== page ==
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Wednesday, September 9, 2009

Looking After Your Investment

Investment? What Investment?

Well, for most of us involved in some form of photography our cameras and accessories and processing equipment are an investment. Costs for a digital dslr camera (body only) can be pretty expensive, but the biggest expense can be laid out on lenses. Then there are such accessories as digital storage cards, off-camera flash guns, lens filters, lighting, backdrops/backgrounds, even the cost of proper and safe storage containers for the equipment should be considered. Even a really good camera backpack can run you from $100 to over $350.

And given the photography of today, there's the extended equipment you might want (or need) to process the images: a good computer and monitor ($1,000+ for basics), and software (how much you spend on that, if anything, will depend on your needs) and a printer (semi pro quality from $400 and up), replacement inks, and good quality print paper.
canadian dollar bill from the 1930s
The cost of "doing business", right? But even if you aren't "doing business" you are still likely to invest in some of these things to a lesser degree.

Consider these things an investment and treat them appropriately.

Camera & Lenses
  • treat with care - don't drop, throw or toss
  • unless, it's a waterproof model, or you have purchased waterproof housing don't put it in water and try to keep it relatively dry while shooting in the rain (clear plastic bags can help)
  • clean regularly - from the body to the sensor when necessary (careful with the sensor)
  • keep the lcd monitor clean and protected - it's expensive to replace
  • don't forget to clean the viewfinder
  • don't leave in a hot car in direct sunlight (I almost never leave my camera equipment alone in the car unless I am within sight of the car - not just because of heat and sun, but theft, hence the use of a backpack so it's always with me)
  • avoid exposure to extreme temperature changes. Shooting outdoors in below freezing temperatures and bringing your camera immediately into a warm environment can cause condensation and moisture damage. Transition your cameras from the direct outdoors to it's storage bag, then to a car (not directly near a heat vent - the trunk is better), and then to the indoors. Remove he camera from it's back, remove the lens, open the battery compartment (remove battery) and the storage card compartment (remove card) and place it in the coolest spot in the house (no, don't use the fridge) and allow it to acclimatize for a few hours. This is for very extrement temperature changes.
  • don't walk with your camera hanging from it's neck strap if you've got a long lens on it. Longer lenses (200mm and up) or even heavy smaller lenses put weight on the connecting rings from lens to camera. No matter how secure this seems when locked into place, you run the risk of damaging the connections. Always support the longer lenses when you are carrying your camera. It would be quite a shock someday to have your lens pull away from the camera and land on the ground...particularly if cost upwards of $1,000 for it.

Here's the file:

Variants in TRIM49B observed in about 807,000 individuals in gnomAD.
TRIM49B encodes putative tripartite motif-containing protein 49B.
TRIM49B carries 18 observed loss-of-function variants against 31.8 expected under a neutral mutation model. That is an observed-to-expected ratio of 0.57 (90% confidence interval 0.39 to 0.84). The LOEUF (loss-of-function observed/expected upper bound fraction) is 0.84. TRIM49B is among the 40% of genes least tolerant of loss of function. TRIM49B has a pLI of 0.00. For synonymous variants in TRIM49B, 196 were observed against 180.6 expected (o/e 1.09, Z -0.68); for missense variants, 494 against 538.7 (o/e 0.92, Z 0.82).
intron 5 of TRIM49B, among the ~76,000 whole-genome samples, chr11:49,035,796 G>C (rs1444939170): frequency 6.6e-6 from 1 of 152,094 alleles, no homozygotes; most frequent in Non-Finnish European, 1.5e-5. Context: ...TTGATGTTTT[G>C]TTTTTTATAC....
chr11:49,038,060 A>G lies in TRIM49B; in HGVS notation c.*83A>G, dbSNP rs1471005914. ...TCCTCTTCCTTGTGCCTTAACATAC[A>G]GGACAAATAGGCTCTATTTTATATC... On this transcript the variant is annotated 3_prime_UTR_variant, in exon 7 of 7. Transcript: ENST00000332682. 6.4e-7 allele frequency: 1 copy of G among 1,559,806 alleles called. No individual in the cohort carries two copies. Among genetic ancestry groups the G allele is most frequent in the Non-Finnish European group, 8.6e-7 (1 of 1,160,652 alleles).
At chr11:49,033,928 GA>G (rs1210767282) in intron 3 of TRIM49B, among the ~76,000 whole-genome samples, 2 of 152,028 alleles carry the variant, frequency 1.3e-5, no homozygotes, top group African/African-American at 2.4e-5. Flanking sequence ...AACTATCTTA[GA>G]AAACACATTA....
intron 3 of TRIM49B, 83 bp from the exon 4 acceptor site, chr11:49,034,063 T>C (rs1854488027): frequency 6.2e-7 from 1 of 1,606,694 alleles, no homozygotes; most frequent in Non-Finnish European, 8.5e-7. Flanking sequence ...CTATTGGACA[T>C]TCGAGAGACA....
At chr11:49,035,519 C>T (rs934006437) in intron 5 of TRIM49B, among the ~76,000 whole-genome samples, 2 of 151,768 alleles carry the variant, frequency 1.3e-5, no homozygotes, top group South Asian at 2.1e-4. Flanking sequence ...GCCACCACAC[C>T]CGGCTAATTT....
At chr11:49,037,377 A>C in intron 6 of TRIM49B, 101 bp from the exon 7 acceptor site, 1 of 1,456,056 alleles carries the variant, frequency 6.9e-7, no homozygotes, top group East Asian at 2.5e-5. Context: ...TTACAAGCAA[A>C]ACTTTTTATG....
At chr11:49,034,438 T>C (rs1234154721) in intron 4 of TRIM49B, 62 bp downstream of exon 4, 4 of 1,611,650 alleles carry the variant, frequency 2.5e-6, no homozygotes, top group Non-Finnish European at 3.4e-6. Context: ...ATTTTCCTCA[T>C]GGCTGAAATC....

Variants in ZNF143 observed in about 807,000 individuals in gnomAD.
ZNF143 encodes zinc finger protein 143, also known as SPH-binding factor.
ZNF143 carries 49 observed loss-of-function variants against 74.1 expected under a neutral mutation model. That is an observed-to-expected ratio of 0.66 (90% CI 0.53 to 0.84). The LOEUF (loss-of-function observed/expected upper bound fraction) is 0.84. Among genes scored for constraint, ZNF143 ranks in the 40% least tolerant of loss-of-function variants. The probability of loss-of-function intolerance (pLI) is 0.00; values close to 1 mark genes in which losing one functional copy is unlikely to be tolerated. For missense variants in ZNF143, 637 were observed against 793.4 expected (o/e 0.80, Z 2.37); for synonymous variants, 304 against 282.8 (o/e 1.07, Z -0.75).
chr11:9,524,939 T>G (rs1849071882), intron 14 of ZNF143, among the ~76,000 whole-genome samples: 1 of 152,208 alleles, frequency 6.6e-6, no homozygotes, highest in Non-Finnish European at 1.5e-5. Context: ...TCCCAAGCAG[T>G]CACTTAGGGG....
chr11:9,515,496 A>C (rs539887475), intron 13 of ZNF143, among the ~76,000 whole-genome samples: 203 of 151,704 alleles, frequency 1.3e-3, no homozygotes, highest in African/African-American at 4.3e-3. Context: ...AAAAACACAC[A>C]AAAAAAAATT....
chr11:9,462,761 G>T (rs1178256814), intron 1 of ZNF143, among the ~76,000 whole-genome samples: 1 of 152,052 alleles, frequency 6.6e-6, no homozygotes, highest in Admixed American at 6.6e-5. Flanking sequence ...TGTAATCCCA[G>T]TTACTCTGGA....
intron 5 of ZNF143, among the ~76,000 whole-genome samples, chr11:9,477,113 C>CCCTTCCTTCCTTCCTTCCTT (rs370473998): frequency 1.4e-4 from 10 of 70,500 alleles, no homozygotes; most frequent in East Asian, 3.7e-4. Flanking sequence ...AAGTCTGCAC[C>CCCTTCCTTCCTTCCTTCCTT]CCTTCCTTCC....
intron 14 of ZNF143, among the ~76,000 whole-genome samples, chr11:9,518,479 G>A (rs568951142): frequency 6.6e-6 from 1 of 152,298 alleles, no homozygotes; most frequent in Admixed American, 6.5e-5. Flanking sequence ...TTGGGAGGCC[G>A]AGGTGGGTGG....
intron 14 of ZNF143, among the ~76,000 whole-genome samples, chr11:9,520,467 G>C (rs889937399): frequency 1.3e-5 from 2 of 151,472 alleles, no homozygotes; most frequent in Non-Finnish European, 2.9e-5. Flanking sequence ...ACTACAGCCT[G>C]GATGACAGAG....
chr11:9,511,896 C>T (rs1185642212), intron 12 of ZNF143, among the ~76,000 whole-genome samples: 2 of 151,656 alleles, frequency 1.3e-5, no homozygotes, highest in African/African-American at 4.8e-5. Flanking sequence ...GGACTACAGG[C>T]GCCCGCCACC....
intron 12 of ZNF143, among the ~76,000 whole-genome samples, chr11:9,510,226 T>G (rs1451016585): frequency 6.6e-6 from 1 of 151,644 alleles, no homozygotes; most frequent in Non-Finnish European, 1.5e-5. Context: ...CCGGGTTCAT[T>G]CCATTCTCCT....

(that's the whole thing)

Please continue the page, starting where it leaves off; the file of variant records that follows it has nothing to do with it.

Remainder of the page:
• use proper cleaning cloths to clean your lenses. Don't wipe it on a towel, sweater sleeve, kleenex or whatever is handy. Buy a lens-cloth in a small bag with a little carabiner on it (they run about $4 or $5 ea.) and clip it to the camera strap. You've always got a handy cleaner with you. (I have one on each of my cameras).
  • when cleaning your lenses don't use liquids not approved for such. Lenses have a coating that can be damaged by improper cleaning.
  • If a spot can't be removed from the lens with a gentle wipe of the lens-cloth, DON'T scrub at it, and don't scratch at it with a fingernail. This can also damage the coating. Buy an appropriate and approved cleaner.
  • Never store your lenses without their lens cap and end caps.
  • store lenses in a secure environment. A hard-sided lens case with interior padding is ideal. Some lenses come with soft lens cases, some come with nothing. When you can afford it, buy the safest lens storage containers you can, because the lenses will be your most expensive investment.
  • insure your camera & equipment for replacement value - be sure your policy covers accident, theft, fire, loss. That may mean adding a rider to your insurance policy and a little extra cost per year...it's worth doing.
  • buy an extended warranty on your camera at the time of purchase.
If you aren't up to cleaning the sensor (dslr models), then take it in to a trusted shop and have it done. Generally, you'll know when it's required. When you've got spot(s) on your images that aren't from something on the lens, and that are always in the same place, you may need to clean the sensor. For some really good information on cleaning the dslr sensor, visit this site Cleaning Digital Cameras. To date, I have been fairly lucky and have been able to clean my sensor only with a small handheld blower.

If you use your camera equipment and accessories, and office equipment to earn part of your income (or all of it), then taking precautions and following the manufacturers directions on use and storage is a no brainer. The majority of people will follow common sense, but with familiarity, sometimes comes neglect. As we become more comfortable with our equipment we often will overlook some of those common sense "do's and don'ts". It's hard to avoid and we all do it, yet all it can take is one small mis-step to cause a disastrous result, and to remind us that caring properly for those investments keeps us shooting.

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